|(Artist - Blue Devil; Blue Beetle; Hyperkind)|
|Paris Cullins is an African-American comic-book artist best known for his work on DC Comics’ Blue Devil and Blue Beetle, and Marvel Comics’ Hyperkind.|
Paris Cullins had sent DC Comics samples of his fledgling comics art since 1976, finally meeting with art director Dick Giordano in the last week of 1979. Cullins recalled in 2007 that, “I brought new pages and he loved it. The pages were Batman vs. Manhunter. I did it on a lark. He then told me, ...’Come in the first day after New Year’s and I’ll have a script for you, and talk to you about the [DC intern] program’. I came in on January 2nd and he gave me a script that day. ... When I started with them they had me doing some horror stories ... I also did one feature in particular, called ‘I, Vampire’.
Cullins’ first known credited comics work was as penciler-inker of the six-page story “Mystic Murder,” by writer Steve Skeates, in the DC Comics supernatural anthology Secrets of Haunted House #42 (Nov. 1981). Cullins went on to pencil stories in such similar DC titles as House of Mystery, Ghosts, The Unexpected and Weird War Tales through the early 1980s, and made his superhero debut penciling an eight-page “Tales of the Green Lantern Corps” backup feature in Green Lantern #154 (July 1982). As well, artist Ernie Colon, whom Cullins met at DC and who drew Richie Rich and other children’s titles for Harvey Comics, “offered me a job doing some extra work for Harvey Comics. For several months I drew Richie Rich and Hot Stuff.
After co-penciling Justice League of America #212 (March 1983) with Rich Buckler, and making his cover debut with The Daring New Adventures of Supergirl #7, Cullins penciled his first full-length comic, Blue Devil #1 (June 1984), starring a superhero he had co-created with writer Gary Cohn and Dan Mishkin earlier that month for a backup feature in The Fury of Firestorm #24 (June 1984).
Blue Devil ran 31 issues, through cover-date December 1986, with Cullins penciling the first six and Blue Devil Annual #1 (1985), and covers through the end of the run. Cullins additionally drew dozens of DC covers and occasional stories through the decade, and numerous character pages for Who’s Who: The Definitive Directory of the DC Universe. Cullins and writer Len Wein helped introduce the Ted Kord Blue Beetle to DC, which had acquired that character from the defunct Charlton Comics, teaming on the 1986 Blue Beetle series. Cullins penciled issues #1-9, 11-14, and 17-18 (collectively, June 1986 - Nov. 1987).
Cullins broke into Marvel Comics penciling two six-page High Evolutionary backup stories, one each in the 1988 X-Factor Annual #3 and Silver Surfer Annual #1. He was still freelancing primarily for DC. collaborating there with writer J.M. DeMatteis on a six-issue miniseries revival (Feb.-July 1988) of Jack Kirby’s The Forever People, penciling the stories and covers. With writer Mark Evanier, primarily, Cullins co-plotted and penciled issues #1-9, 11-12, and 15-18 (collectively, Feb. 1989 - July 1990) of a revival of Kirby’s The New Gods.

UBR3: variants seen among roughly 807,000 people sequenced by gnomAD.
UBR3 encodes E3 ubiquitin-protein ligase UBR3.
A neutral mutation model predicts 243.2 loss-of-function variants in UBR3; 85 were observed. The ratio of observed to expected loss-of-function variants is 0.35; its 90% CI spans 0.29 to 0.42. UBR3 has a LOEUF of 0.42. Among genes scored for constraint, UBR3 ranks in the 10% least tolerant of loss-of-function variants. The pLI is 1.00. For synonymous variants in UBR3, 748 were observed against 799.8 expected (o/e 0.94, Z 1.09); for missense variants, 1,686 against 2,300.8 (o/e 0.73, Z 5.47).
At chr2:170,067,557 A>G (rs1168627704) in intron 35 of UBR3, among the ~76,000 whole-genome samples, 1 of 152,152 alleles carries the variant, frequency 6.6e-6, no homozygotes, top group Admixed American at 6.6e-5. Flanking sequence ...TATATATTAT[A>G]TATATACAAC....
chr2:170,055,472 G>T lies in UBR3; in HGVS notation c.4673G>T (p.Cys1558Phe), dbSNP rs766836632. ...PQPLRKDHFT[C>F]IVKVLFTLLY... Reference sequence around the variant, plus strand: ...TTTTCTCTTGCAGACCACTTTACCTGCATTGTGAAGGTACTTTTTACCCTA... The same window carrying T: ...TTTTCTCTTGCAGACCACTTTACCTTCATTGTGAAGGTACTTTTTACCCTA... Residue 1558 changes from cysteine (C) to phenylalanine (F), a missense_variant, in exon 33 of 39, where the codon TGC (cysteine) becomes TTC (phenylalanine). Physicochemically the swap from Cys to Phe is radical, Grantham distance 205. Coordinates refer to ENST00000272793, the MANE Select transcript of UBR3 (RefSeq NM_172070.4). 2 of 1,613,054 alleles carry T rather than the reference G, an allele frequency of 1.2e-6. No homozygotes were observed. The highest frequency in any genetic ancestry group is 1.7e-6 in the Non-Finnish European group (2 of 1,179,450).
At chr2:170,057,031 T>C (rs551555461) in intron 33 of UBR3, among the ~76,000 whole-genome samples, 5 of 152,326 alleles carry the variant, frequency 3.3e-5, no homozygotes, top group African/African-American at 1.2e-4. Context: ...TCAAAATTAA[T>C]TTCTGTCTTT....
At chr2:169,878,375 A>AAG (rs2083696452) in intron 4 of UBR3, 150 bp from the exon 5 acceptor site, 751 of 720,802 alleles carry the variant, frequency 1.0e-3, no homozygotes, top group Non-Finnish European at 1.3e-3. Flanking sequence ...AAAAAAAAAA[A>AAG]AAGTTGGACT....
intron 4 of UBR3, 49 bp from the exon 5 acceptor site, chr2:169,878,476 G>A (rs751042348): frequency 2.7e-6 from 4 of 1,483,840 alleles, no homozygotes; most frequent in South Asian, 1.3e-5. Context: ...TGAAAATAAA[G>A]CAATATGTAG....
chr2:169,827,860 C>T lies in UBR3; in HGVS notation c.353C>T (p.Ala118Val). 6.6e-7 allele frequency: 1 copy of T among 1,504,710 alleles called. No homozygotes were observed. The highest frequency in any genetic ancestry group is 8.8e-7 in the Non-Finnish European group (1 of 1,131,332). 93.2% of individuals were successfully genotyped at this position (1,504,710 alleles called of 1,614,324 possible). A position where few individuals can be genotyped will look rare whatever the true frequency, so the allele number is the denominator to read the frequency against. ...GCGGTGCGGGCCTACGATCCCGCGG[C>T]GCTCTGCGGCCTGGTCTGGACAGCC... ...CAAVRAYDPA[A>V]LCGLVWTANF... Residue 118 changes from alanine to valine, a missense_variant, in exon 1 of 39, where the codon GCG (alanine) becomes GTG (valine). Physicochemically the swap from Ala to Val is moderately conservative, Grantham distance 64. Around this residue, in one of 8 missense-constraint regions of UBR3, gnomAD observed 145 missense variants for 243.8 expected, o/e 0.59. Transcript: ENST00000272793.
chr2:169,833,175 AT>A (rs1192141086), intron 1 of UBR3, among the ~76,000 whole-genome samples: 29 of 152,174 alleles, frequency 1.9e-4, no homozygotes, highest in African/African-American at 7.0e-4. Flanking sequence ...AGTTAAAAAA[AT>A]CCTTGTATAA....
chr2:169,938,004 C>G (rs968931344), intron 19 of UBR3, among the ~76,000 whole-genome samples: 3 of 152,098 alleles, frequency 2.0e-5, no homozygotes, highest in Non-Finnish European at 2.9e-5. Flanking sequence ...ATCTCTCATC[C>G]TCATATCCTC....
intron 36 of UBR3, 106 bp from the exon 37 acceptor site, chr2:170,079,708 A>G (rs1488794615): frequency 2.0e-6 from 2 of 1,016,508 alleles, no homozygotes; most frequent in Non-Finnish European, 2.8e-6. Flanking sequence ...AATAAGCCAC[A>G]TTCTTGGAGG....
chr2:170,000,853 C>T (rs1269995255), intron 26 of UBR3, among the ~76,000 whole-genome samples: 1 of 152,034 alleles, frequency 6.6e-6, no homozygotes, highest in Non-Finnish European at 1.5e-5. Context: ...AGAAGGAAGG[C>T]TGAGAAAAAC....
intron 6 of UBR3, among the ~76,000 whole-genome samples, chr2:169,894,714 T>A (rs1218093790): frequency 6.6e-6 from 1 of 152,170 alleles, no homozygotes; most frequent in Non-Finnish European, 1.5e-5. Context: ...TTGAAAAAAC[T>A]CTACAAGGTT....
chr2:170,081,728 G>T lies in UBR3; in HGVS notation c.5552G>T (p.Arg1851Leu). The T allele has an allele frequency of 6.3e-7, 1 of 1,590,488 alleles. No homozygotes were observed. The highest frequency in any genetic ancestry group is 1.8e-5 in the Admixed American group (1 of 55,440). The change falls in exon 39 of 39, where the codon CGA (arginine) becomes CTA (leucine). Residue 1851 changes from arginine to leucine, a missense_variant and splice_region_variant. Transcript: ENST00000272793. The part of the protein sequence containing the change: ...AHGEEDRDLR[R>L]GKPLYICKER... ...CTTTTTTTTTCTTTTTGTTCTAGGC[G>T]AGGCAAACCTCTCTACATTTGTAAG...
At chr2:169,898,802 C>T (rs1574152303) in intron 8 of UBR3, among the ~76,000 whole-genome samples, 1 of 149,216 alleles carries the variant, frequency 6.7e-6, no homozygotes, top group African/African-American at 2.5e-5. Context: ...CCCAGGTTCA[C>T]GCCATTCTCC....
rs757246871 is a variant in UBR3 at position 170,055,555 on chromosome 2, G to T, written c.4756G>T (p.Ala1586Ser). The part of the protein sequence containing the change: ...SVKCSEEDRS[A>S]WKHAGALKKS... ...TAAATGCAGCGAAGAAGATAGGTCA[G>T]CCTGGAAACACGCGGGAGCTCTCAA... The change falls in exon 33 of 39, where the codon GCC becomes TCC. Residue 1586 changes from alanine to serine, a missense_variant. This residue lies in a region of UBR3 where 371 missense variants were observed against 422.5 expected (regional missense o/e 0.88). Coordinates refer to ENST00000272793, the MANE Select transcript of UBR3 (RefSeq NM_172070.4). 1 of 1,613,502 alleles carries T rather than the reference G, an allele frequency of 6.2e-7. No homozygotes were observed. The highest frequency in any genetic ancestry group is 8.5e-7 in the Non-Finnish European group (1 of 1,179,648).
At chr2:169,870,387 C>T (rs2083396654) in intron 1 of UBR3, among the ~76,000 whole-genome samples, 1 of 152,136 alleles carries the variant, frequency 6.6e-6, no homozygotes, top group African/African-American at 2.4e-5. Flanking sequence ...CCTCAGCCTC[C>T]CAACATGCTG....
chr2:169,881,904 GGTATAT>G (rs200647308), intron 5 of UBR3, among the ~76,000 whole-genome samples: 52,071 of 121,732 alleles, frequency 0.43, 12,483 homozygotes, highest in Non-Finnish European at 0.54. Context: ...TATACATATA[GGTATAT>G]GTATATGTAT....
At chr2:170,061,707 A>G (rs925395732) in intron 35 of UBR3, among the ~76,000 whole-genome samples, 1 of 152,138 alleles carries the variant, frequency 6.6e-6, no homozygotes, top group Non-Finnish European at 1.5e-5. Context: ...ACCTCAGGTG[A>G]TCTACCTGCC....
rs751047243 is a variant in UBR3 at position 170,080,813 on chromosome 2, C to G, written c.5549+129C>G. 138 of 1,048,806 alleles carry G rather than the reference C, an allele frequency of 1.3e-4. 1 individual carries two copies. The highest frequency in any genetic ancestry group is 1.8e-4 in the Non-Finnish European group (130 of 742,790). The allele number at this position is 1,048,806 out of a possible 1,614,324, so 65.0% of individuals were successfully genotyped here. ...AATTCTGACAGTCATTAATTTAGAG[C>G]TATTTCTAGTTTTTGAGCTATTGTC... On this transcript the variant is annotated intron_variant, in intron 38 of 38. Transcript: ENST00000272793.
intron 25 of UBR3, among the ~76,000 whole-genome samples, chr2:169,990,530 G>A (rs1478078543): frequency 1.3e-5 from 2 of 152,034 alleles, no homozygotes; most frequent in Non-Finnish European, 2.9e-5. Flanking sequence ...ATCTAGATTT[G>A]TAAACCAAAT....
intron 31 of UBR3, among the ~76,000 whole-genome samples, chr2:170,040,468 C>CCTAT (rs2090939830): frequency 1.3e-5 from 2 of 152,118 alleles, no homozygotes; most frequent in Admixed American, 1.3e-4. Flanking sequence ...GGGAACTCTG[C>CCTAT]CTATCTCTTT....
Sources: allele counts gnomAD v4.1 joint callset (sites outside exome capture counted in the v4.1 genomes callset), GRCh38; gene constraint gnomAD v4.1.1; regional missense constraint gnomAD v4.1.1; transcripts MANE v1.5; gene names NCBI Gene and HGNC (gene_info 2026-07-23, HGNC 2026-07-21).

In the 1990s, Cullins, while keeping DC as his home base, branched out to draw additional occasional comics for Marvel, and for publishers including Acclaim Comics, Massive Comics Group, Penthouse International (Penthouse Comix), and Crusade Comics. Teamed with writer Fred Burke, Cullins penciled stories and covers for all nine issues of the superhero-team comic Hyperkind, for Marvel’s Clive Barker-created Razorline imprint.
Largely absent from comics from 1996, when he did pencil-breakdowns for DC’s Life, The Universe and Everything #1, to 2001, when he penciled the cover of DC/Onstar’s Onstar Batman Special Edition #1, Cullins contributed a one-page Blazing Glory pinup to Atomeka Press’ A1 Sketchbook (Nov. 2004), his last known comics work as of 2007.
At some point, Cullins did book-cover art and “worked for advertisement agencies, and did storyboards for [video] games and TV commercials, Activision in particular, and full-color storyboards and designs for a game called Terror in the Bermuda Triangle.”
In December 2006, the Philadelphia, Pennsylvania-based Maximum Overtime Media announced the first-quarter 2007 planned premiere of Gritz n’ Gravy, “a quarterly illustrated adult urban fantasy and popular-culture national magazine,” with Cullins, a company co-founder, announced as publisher.